The practice of law requires relationships with stakeholders at diverse levels; understanding how to efficiently manage these relationships is vital to being a successful lawyer, as technical knowledge alone is not adequate to enable proper communication between lawyers and their clients, colleagues, or connections.
Understanding the behaviour of yourself and others can help lawyers become more persuasive and supportive, while also improving leadership qualities and interactions with employees or bosses.
Law firms must build solid relationships with their clients in order to achieve the best legal results, but, just as importantly, to ensure that clients will come back to their firm, and recommend them to other businesses in the future.
If you believe you, or your law firm need to improve your human relationships this post will advise you on a few main points worth considering.
One of the main issues we face in our dealings with other people, be they clients, colleagues, or friends, is overcoming difference.
Difference may be as simple as a favourite colour, or as complex as cultural difference, but either way it can cause a huge challenge when faced with negotiations if we fail to understand that ‘our way’ isn’t the ‘only way’.
Learning to appreciate difference can take time and patience, but there are many training courses that can help with particular issues such as, analysis of behavioural traits and communication, or culture difference and business ethics.
Taking the time to listen to varying perspectives, showing empathy and understanding, can advance relationships, promote knowledge, and improve interactions.
Effective listening – being present, and actively paying attention to others, is sometimes enough to make the speaker feel valued, appreciated and understood.
It shows them that you consider their perspective to be valuable enough to spend time on, and allows you to understand their emotions, thoughts, or wants. It also allows you to check your understanding through the asking of appropriate questions.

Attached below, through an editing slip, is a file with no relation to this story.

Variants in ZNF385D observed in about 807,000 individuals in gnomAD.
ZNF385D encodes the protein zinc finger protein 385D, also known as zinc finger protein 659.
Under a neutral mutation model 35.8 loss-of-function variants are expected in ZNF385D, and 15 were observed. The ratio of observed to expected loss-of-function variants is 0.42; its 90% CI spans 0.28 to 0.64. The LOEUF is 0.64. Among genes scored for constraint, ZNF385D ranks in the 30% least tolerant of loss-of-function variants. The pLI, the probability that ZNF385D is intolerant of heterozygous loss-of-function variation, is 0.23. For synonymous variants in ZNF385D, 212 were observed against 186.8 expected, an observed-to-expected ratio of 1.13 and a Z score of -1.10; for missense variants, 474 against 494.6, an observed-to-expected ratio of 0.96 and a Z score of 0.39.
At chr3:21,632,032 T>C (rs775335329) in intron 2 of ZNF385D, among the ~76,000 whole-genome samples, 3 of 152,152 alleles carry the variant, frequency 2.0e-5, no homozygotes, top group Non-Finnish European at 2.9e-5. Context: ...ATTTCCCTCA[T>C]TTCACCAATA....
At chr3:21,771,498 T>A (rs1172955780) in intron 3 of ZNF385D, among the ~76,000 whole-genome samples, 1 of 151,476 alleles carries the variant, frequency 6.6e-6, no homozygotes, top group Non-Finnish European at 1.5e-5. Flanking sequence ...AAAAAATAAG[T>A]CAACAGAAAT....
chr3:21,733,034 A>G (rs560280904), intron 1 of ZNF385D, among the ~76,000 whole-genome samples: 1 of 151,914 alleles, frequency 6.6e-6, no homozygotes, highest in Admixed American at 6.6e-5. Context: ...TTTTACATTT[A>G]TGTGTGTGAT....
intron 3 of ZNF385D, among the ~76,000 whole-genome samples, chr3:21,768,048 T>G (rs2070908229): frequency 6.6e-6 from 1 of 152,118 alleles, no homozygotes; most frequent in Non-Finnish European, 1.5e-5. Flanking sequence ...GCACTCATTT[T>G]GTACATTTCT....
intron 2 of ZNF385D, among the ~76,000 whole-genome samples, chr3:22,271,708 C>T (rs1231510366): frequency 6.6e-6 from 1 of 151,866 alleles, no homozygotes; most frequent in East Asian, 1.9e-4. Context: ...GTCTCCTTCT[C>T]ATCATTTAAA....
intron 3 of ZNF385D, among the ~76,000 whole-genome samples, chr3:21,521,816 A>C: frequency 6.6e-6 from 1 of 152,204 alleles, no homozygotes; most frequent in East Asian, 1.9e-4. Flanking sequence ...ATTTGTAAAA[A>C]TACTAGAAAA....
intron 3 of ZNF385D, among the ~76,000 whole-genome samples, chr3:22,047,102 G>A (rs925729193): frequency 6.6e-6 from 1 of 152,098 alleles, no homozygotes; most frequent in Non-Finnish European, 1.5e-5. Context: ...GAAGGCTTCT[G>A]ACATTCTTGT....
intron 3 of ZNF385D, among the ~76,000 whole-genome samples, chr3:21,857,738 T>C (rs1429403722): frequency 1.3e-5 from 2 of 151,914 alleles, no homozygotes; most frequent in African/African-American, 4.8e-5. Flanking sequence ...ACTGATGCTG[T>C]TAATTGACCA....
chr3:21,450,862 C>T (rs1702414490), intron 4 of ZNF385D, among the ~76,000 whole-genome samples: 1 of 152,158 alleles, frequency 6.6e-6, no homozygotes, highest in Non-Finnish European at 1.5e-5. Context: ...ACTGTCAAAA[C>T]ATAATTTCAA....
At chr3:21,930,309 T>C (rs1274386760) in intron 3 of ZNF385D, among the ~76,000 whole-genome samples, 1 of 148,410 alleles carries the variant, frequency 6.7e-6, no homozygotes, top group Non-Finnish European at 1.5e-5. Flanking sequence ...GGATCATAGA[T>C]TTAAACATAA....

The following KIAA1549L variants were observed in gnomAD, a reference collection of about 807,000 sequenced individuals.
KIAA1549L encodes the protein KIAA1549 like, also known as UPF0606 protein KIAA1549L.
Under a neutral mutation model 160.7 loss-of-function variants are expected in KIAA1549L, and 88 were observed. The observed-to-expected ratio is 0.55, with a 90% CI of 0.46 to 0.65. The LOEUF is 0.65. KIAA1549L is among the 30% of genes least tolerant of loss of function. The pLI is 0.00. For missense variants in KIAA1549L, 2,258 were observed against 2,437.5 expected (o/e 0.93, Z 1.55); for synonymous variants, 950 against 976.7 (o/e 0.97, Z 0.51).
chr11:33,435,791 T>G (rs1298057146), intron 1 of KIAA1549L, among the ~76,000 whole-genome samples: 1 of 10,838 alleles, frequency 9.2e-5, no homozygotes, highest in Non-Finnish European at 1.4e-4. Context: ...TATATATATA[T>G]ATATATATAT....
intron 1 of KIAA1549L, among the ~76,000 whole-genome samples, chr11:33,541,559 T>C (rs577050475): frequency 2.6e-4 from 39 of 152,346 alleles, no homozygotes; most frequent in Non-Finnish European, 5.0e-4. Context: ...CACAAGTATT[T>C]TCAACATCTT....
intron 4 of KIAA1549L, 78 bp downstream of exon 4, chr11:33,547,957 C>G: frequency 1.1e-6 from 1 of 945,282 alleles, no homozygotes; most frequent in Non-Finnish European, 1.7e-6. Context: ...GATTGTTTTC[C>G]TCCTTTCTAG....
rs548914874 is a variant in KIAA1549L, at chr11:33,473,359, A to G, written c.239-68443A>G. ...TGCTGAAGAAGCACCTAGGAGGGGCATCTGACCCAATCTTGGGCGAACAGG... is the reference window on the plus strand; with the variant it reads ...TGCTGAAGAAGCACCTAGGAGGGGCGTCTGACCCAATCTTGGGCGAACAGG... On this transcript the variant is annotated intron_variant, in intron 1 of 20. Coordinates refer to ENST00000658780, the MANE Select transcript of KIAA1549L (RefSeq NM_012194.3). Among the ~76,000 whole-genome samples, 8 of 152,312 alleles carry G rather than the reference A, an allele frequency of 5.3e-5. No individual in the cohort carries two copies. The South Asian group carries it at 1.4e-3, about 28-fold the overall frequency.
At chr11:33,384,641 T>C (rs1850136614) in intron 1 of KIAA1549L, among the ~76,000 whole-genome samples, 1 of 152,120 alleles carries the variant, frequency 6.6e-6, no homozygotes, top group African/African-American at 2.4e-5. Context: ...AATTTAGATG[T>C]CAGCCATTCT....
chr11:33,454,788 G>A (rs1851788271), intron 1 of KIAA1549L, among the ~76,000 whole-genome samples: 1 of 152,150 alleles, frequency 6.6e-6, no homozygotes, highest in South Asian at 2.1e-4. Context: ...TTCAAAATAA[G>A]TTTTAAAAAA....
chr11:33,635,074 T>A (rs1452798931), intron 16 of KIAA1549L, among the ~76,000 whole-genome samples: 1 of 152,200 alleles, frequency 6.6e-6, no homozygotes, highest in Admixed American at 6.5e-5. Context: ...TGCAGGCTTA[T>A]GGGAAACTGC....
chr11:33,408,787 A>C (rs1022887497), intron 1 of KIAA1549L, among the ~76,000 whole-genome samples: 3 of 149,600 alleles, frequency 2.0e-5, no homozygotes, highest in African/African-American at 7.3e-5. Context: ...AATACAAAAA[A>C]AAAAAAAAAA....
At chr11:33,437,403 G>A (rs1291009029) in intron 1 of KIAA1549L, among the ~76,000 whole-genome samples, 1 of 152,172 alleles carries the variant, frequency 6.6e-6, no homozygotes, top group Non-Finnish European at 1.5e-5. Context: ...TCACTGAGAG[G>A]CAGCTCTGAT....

Responses are then tailored to the individual, and situation, rather than offering a standard response.
Verifying you have understood the intention, or message, is an excellent way to show you have listened, understood and reflected upon what has been said.
Communication isn’t just about talking and listening.
True communication occurs when someone has fully engaged with what has been said, both directly and indirectly with body language, and through thoughtful, considerate debates and discussions.
Failure to communicate your ideas, intentions, thoughts, feelings, perspectives, and so on, can lead to misunderstandings between lawyers and their clients, colleagues, or partners. And in reverse, can lead to a lawyer who is unclear on their client’s wishes or problems.
Lawyers are constantly required to give feedback/advice in one form or another be it, explaining the potential outcome of a case to clients, discussing negotiations with colleagues, or advising trainees on their roles within the firm, the ability to give (and take) constructive feedback is vital in improving your relationship with others.
Feedback can help you grow as an individual through examination of your personal challenges, and understanding how others’ see you.
You may not wish to take on-board what everyone says about you (and it is probably wisest not to) but it can definitely highlight flaws, areas for work, and give you a valuable change of perspective.
People will not remember exactly what you have said to them, but they are likely to remember the effect you had on them – how you made them feel in a given situation.
The ability to empathise with others is a trait that lawyers should develop early on in their career as it gives them the ability to connect with people, interpret their emotions, develop trust, and offer effective support, advice, or compassion in the majority of situations.
Clients will feel more comfortable with a lawyer who can empathise with the challenges they face, and who shows consideration for their needs, wants, and requirements.
Every relationship we have can teach us something about ourselves and others. Use interactions to try out active listening skills, be open and honest whenever possible, take time to treat others as you would like to be treated, and attempt to understand different perspectives and cultures, as this will allow you to improve your relationships be they at work, home, or socially.